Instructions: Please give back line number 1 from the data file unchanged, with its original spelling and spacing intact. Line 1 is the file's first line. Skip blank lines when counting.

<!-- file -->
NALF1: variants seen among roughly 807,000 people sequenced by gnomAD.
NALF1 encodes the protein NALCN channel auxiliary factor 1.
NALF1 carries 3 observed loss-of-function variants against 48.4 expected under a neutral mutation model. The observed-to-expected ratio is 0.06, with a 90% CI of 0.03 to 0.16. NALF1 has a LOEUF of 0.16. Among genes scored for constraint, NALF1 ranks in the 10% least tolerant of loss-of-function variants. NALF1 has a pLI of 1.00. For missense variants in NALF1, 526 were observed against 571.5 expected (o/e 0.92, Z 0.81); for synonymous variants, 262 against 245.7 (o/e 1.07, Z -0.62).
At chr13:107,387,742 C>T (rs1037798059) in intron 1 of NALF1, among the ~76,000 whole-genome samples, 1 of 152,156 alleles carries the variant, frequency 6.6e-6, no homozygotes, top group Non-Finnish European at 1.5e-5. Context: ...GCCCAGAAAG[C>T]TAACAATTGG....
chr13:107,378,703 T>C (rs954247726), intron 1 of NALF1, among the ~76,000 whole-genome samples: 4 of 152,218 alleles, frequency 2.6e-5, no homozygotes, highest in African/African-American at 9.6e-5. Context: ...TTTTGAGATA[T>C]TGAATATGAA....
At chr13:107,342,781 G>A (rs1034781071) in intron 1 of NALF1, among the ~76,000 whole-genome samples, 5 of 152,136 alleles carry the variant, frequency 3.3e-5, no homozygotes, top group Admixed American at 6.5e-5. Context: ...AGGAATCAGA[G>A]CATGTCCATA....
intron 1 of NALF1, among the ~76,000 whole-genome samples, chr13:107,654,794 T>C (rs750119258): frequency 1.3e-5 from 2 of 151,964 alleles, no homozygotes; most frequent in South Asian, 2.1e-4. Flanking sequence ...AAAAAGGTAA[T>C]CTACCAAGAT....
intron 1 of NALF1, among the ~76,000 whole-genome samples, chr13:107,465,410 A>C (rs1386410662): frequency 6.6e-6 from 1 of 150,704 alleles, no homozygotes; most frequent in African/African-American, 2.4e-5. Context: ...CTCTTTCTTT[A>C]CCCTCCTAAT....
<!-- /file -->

NALF1: variants seen among roughly 807,000 people sequenced by gnomAD.